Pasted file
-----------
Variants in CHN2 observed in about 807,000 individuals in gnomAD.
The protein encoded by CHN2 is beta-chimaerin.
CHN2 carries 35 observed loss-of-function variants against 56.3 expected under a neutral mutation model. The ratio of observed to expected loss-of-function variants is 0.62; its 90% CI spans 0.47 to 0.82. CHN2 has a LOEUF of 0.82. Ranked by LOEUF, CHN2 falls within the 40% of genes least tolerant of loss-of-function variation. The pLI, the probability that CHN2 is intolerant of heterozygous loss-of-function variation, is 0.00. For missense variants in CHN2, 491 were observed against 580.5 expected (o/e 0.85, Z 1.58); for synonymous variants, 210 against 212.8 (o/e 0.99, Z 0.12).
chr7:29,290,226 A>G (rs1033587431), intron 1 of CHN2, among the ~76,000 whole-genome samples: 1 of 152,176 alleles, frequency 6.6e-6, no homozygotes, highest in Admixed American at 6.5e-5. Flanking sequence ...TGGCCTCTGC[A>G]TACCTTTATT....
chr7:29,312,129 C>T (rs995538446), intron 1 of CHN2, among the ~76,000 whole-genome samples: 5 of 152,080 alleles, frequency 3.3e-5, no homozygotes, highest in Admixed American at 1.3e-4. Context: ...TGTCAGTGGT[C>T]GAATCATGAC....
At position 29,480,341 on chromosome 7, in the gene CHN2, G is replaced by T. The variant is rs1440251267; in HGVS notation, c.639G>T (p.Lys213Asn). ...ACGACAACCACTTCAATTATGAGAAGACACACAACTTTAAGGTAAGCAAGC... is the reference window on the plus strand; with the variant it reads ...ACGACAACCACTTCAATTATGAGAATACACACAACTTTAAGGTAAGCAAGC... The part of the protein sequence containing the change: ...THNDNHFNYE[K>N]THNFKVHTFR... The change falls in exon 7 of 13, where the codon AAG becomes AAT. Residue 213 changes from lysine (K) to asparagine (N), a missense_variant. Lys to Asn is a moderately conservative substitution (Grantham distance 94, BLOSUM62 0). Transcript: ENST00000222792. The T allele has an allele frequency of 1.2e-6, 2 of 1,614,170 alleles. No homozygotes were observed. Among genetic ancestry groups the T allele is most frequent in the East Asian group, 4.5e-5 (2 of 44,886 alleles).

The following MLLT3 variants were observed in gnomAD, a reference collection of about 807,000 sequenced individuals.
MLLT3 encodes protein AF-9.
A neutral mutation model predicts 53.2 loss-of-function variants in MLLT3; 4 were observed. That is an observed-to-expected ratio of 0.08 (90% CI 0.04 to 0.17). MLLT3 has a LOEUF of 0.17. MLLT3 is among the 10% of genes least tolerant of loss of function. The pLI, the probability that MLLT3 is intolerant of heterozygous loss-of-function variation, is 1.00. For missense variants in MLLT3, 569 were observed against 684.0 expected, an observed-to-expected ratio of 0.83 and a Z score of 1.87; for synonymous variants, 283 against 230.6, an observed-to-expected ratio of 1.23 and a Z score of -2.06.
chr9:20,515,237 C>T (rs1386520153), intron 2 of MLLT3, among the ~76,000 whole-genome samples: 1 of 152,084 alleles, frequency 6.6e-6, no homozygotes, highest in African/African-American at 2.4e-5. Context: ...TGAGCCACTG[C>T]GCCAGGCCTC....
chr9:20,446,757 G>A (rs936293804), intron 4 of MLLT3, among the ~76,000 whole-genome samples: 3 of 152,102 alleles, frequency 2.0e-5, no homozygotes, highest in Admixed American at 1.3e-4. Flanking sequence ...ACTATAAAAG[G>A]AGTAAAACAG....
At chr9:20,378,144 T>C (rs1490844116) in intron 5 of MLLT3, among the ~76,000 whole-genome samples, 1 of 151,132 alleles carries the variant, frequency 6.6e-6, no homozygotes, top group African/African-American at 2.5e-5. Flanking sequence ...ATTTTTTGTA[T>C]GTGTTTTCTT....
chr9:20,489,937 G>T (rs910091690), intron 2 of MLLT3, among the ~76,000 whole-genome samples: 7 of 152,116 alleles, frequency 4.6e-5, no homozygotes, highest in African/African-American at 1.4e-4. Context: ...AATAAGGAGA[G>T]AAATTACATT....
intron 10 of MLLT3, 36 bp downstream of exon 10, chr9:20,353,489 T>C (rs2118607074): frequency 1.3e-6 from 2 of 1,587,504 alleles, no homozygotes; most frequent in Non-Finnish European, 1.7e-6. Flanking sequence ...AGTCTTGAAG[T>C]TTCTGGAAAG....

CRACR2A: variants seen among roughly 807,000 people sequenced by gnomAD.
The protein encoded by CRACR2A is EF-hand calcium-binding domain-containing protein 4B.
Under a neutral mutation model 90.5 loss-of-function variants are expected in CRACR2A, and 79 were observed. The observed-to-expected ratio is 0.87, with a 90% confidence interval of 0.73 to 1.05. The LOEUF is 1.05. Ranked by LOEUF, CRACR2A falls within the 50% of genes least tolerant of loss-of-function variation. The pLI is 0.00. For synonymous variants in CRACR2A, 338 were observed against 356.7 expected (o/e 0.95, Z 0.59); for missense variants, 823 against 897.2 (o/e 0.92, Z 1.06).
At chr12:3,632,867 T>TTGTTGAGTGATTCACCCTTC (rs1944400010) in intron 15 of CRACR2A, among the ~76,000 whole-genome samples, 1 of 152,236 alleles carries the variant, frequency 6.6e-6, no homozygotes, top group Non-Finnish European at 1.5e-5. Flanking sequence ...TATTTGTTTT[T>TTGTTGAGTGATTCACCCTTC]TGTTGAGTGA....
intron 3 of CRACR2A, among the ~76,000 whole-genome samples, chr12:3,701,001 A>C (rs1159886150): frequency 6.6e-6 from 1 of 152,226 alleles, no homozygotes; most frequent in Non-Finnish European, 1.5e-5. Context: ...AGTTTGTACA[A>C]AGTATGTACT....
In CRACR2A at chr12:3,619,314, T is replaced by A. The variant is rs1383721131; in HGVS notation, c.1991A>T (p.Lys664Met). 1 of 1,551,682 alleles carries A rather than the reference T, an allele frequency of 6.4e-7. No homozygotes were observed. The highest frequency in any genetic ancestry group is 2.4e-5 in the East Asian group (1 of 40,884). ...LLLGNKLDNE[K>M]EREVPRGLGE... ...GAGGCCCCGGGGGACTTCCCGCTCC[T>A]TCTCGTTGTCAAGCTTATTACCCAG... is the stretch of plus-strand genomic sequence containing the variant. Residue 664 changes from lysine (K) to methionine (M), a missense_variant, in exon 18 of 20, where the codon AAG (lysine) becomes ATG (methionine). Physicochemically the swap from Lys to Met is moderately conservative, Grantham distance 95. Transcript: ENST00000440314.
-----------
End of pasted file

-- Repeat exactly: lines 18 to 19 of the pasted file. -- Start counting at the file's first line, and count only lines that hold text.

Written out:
At chr12:3,632,867 T>TTGTTGAGTGATTCACCCTTC (rs1944400010) in intron 15 of CRACR2A, among the ~76,000 whole-genome samples, 1 of 152,236 alleles carries the variant, frequency 6.6e-6, no homozygotes, top group Non-Finnish European at 1.5e-5. Flanking sequence ...TATTTGTTTT[T>TTGTTGAGTGATTCACCCTTC]TGTTGAGTGA....
intron 3 of CRACR2A, among the ~76,000 whole-genome samples, chr12:3,701,001 A>C (rs1159886150): frequency 6.6e-6 from 1 of 152,226 alleles, no homozygotes; most frequent in Non-Finnish European, 1.5e-5. Context: ...AGTTTGTACA[A>C]AGTATGTACT....